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Cycling: Dutch fans make for awesome spectacle on Alpe d'Huez

In the world of cycling, there is no other venue quite like L'Alpe d'Huez during the Tour de France. Hundreds of thousands of fans from all over the world descend on this mecca of cycling whenever the Tour comes to the mountain, which is famous for its 21 hairpin bends on the road up towards the summit. And Thursday's 18th stage of the 100th Tour included two separate climbs of the legendary peak, further increasing the excitement among fans.

Cycling: Alpe d'Huez double in store on Tour's Queen stage

With two climbs of the mighty Alpe d'Huez in store, Thursday's 18th stage of the Tour de France has all the makings of an epic, as long as the weather is not too unkind. The 172.5-kilometre ride from Gap north to the finish 1,850 metres up is the Queen stage of this year's Tour, with three category-two climbs lying in wait as well as the double ascent of what is one of the most famous mountains in the history of the race.

Cycling: Gesink can't wait for Alpe d'Huez goosebumps

Dutch climbing specialist Roberto Gesink can't wait for the Tour de France 18th stage -- and the free pushes he expects to get from drunken Dutch fans on the 13.8 km trek to the finish line. The first of three stages in the French Alps, Thursday's ride begins in Gap and features a total of six climbs, including two ascensions of the Alpe d'Huez. For the Dutch fans, that means double the fun, or double the pain depending on how their riders are faring on the 21 hairpin bends which are traditionally lined with hundreds of thousands of fans.

Cycling: Martin plays down time-trial chances

He may boast a remarkable record in the discipline, but Germany's Tony Martin dismisses any notion that he should be considered as the favourite to win Wednesday's individual time-trial between Embrun and Chorges in the Alps. The 17th stage of this year's Tour de France will be the second and final individual time-trial of the race, and Martin comes into it as the man to beat after his stunning victory in last week's stage between Avranches and Mont-Saint-Michel.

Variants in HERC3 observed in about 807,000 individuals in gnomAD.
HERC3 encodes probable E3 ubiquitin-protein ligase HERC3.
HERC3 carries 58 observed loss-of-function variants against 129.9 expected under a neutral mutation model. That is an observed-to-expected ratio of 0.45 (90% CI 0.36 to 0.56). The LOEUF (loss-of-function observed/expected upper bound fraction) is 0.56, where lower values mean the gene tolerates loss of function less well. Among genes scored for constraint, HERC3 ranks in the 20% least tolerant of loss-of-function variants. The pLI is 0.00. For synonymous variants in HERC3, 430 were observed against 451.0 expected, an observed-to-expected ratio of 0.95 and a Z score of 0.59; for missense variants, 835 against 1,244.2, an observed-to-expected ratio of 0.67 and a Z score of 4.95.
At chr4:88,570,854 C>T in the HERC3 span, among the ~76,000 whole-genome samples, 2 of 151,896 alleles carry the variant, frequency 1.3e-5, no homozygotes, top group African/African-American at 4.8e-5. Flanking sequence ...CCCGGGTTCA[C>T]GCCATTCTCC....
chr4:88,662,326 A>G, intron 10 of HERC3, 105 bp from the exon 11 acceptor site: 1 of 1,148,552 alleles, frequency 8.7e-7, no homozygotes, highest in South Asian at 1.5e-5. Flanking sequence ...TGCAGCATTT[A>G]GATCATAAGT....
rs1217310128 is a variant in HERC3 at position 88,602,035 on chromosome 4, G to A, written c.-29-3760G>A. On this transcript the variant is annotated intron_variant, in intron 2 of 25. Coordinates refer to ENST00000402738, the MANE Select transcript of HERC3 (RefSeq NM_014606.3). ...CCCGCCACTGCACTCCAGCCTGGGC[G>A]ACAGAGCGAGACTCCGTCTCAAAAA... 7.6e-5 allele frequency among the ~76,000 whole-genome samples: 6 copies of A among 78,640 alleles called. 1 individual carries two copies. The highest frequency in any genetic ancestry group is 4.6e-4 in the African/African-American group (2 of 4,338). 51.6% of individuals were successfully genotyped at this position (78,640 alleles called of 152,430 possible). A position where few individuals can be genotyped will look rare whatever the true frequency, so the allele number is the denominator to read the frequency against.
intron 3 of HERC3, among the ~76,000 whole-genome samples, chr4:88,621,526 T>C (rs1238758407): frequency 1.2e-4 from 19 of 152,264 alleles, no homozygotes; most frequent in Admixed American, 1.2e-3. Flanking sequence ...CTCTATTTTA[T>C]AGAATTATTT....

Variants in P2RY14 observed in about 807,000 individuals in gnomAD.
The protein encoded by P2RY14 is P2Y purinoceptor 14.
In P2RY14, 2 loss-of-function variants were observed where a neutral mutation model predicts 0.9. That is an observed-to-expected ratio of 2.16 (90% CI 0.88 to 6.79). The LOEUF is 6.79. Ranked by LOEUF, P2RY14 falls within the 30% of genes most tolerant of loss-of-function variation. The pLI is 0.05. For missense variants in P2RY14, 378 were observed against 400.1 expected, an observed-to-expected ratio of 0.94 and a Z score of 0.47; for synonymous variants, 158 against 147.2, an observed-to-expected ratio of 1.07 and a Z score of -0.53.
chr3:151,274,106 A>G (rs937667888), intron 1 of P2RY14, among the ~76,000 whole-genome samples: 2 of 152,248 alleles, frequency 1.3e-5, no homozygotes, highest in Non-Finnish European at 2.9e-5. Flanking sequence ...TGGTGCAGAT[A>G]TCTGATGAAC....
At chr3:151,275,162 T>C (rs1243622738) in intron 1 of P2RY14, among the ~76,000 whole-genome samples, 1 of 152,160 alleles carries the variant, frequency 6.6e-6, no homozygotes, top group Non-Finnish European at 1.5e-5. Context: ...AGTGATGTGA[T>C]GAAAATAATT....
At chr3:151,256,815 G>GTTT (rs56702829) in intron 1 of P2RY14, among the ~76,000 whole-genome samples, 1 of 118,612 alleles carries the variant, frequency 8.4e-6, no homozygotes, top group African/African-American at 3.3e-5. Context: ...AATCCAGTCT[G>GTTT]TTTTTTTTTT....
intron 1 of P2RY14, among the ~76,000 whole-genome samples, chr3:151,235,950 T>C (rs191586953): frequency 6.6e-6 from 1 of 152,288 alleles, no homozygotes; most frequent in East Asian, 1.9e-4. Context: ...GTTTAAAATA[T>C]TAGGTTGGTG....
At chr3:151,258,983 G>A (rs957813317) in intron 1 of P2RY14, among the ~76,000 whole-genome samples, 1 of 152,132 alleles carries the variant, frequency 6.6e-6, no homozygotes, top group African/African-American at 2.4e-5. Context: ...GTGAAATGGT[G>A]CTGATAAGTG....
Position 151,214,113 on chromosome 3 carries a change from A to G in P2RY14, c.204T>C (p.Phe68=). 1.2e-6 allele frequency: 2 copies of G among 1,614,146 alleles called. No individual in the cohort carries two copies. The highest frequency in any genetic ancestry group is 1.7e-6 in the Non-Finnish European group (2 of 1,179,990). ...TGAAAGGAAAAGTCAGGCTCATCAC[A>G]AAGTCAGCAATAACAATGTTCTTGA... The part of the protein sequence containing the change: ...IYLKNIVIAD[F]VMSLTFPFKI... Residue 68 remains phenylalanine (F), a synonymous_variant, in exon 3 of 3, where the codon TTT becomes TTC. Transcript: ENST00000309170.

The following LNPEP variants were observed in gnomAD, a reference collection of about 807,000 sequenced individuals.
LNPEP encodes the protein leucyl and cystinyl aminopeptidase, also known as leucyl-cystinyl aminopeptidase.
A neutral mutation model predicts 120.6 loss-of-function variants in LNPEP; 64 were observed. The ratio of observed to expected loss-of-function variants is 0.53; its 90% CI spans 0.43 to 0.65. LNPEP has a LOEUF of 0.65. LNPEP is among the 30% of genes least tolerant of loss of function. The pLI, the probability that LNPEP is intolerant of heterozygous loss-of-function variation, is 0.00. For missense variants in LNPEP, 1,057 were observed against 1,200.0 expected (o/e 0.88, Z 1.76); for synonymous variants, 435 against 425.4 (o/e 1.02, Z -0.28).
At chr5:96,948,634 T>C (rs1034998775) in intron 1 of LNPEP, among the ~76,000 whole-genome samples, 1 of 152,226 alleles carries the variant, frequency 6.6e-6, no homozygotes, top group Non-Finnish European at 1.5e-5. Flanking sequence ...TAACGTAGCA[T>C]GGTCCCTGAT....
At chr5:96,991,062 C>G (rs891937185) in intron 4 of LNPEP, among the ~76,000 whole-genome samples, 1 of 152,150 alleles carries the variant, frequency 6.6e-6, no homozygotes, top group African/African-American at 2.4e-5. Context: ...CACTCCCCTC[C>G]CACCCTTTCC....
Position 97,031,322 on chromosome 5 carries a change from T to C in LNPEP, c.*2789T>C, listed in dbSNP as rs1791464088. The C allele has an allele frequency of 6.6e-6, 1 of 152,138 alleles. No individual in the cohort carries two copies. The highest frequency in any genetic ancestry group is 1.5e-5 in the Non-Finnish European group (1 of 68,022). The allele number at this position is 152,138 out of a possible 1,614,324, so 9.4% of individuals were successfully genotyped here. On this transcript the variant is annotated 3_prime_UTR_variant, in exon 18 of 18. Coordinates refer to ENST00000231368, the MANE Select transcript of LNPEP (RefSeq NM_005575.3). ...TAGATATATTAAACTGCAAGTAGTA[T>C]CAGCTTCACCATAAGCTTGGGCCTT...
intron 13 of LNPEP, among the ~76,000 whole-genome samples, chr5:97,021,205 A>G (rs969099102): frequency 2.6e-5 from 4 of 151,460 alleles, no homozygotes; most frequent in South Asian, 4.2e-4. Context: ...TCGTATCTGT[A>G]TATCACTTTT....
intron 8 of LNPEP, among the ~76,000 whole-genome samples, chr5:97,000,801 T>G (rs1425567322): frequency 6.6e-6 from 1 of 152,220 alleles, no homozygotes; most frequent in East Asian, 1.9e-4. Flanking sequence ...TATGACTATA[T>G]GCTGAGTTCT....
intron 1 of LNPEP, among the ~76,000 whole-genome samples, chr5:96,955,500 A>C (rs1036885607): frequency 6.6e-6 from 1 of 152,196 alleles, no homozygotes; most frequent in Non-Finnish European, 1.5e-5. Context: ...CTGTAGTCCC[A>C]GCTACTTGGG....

Cycling: Tour de France briefs

Tour de France briefs before the end of the 16th stage from Vaison-la-Romaine and Gap on Tuesday: I'm too sexy for my bike

Sky would give WADA data to prove team are clean

By Julien Pretot ORANGE, France (Reuters) - Facing yet another barrage of doping questions after Chris Froome's awe-inspiring victory up Mont Ventoux in the Tour de France, Team Sky principal Dave Brailsford said he was ready to give the World Anti-Doping Agency (WADA) all their team training data. This year's race has been under extra scrutiny as it is the first Tour being staged since Lance Armstrong admitted that he had cheated his way to seven Tour titles from 1999 to 2005.

Cycling: No reason to doubt Froome, says Contador

If Chris Froome is fed up of having his credibility questioned again following his stunning win on Mont Ventoux, he can take some comfort from the words of his biggest rival on Monday. Alberto Contador saw his Tour de France chances suffer another crushing blow when he ceded 1min 40sec to Froome on Sunday's 15th stage to fall 4min 25sec behind the British rider in the overall standings. Froome's stunning performances have been greeted with scepticism by some members of the public and media as memories of the Lance Armstrong scandal remain fresh in the minds of everyone.

Cycling: I'm no cheat like Armstrong, says Froome

Tour de France leader Chris Froome on Monday hit out at critics who believe he could be following in the footsteps of shamed drugs cheat Lance Armstrong after his stunning win on Mont Ventoux. "To compare me with Lance... Lance cheated, I'm not cheating. End of story," the British rider said on the race's second and final rest day Monday. Froome reinforced his grip on the race leader's yellow jersey, with an impressive win on the fabled climb on Sunday to claim his second mountaintop stage victory of this year's 100th edition.

Rivals gain time on Tour de France leader Froome

Saint-Amand-Montrond, France, Jul 12 (EFE).- Briton Mark Cavendish won Friday's 13th stage of the Tour de France, while compatriot Chris Froome saw his lead in the 21-day-long race reduced by 1 minute, 9 seconds. It was Cavendish's second stage win in the 2013 Tour and his 25th overall, moving the sprinter up to third on the all-time list, trailing only Bernard Hinault, with 28 stage wins, and the legendary Eddy Merckx, with 34.

Cycling: Germany's Kittel chasing more glory on flat

The sprinters are set to take centre stage for the second day in a row in the Tour de France on Friday, with the 13th stage another largely flat ride. The 173-kilometre stage from Tours on the banks of the Loire River to Saint-Amand-Montrond in central France takes a more undulating route than Wednesday's stage 12 but it will nevertheless be a final chance for the sprinters to impress before the race heads into the Alps.
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